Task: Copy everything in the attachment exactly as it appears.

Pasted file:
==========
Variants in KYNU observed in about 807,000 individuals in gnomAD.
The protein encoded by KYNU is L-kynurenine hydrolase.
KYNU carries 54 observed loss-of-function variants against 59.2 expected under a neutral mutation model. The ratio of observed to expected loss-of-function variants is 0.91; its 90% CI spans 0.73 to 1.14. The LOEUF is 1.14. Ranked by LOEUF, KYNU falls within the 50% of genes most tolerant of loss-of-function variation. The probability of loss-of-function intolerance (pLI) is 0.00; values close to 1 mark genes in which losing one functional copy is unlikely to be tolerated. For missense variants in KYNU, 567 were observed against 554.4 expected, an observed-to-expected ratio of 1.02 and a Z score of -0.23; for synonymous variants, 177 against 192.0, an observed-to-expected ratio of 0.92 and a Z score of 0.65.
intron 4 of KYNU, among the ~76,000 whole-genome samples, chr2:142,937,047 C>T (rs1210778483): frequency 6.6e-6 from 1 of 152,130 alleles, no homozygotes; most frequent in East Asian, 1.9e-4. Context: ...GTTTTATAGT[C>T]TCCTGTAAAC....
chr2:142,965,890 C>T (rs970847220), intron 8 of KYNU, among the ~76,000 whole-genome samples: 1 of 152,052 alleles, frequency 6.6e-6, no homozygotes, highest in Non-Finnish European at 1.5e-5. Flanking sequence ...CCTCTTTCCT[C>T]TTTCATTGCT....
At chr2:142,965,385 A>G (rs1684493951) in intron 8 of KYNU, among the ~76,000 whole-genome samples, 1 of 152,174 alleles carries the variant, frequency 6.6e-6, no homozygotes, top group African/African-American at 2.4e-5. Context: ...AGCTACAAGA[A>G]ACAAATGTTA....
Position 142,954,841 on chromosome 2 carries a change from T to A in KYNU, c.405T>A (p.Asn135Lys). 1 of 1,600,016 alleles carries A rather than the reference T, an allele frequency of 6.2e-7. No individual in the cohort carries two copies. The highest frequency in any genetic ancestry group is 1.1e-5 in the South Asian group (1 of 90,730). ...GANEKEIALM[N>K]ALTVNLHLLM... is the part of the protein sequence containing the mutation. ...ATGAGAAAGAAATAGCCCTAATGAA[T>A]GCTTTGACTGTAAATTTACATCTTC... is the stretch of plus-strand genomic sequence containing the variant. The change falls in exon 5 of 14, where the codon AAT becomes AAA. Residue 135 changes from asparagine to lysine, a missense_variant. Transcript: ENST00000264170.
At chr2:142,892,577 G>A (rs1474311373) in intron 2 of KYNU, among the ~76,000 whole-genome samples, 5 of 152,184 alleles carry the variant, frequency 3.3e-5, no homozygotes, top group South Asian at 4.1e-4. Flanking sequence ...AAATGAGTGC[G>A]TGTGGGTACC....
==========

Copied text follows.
Variants in KYNU observed in about 807,000 individuals in gnomAD.
The protein encoded by KYNU is L-kynurenine hydrolase.
KYNU carries 54 observed loss-of-function variants against 59.2 expected under a neutral mutation model. The ratio of observed to expected loss-of-function variants is 0.91; its 90% CI spans 0.73 to 1.14. The LOEUF is 1.14. Ranked by LOEUF, KYNU falls within the 50% of genes most tolerant of loss-of-function variation. The probability of loss-of-function intolerance (pLI) is 0.00; values close to 1 mark genes in which losing one functional copy is unlikely to be tolerated. For missense variants in KYNU, 567 were observed against 554.4 expected, an observed-to-expected ratio of 1.02 and a Z score of -0.23; for synonymous variants, 177 against 192.0, an observed-to-expected ratio of 0.92 and a Z score of 0.65.
intron 4 of KYNU, among the ~76,000 whole-genome samples, chr2:142,937,047 C>T (rs1210778483): frequency 6.6e-6 from 1 of 152,130 alleles, no homozygotes; most frequent in East Asian, 1.9e-4. Context: ...GTTTTATAGT[C>T]TCCTGTAAAC....
chr2:142,965,890 C>T (rs970847220), intron 8 of KYNU, among the ~76,000 whole-genome samples: 1 of 152,052 alleles, frequency 6.6e-6, no homozygotes, highest in Non-Finnish European at 1.5e-5. Flanking sequence ...CCTCTTTCCT[C>T]TTTCATTGCT....
At chr2:142,965,385 A>G (rs1684493951) in intron 8 of KYNU, among the ~76,000 whole-genome samples, 1 of 152,174 alleles carries the variant, frequency 6.6e-6, no homozygotes, top group African/African-American at 2.4e-5. Context: ...AGCTACAAGA[A>G]ACAAATGTTA....
Position 142,954,841 on chromosome 2 carries a change from T to A in KYNU, c.405T>A (p.Asn135Lys). 1 of 1,600,016 alleles carries A rather than the reference T, an allele frequency of 6.2e-7. No individual in the cohort carries two copies. The highest frequency in any genetic ancestry group is 1.1e-5 in the South Asian group (1 of 90,730). ...GANEKEIALM[N>K]ALTVNLHLLM... is the part of the protein sequence containing the mutation. ...ATGAGAAAGAAATAGCCCTAATGAA[T>A]GCTTTGACTGTAAATTTACATCTTC... is the stretch of plus-strand genomic sequence containing the variant. The change falls in exon 5 of 14, where the codon AAT becomes AAA. Residue 135 changes from asparagine to lysine, a missense_variant. Transcript: ENST00000264170.
At chr2:142,892,577 G>A (rs1474311373) in intron 2 of KYNU, among the ~76,000 whole-genome samples, 5 of 152,184 alleles carry the variant, frequency 3.3e-5, no homozygotes, top group South Asian at 4.1e-4. Flanking sequence ...AAATGAGTGC[G>A]TGTGGGTACC....